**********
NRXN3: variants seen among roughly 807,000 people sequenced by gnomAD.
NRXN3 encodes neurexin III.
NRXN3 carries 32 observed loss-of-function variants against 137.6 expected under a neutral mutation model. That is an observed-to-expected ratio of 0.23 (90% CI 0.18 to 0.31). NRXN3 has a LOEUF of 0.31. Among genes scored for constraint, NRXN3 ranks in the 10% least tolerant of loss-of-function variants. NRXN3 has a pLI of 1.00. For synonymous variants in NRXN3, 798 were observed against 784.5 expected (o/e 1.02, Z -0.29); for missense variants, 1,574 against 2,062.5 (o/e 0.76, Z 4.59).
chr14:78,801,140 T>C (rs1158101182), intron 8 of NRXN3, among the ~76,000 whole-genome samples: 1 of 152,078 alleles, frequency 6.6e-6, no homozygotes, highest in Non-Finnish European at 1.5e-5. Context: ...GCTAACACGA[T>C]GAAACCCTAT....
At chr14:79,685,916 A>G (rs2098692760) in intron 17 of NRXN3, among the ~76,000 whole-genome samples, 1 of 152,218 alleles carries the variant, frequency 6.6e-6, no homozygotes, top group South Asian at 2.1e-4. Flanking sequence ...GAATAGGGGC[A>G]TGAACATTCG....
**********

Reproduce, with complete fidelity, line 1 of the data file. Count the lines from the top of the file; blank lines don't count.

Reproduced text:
NRXN3: variants seen among roughly 807,000 people sequenced by gnomAD.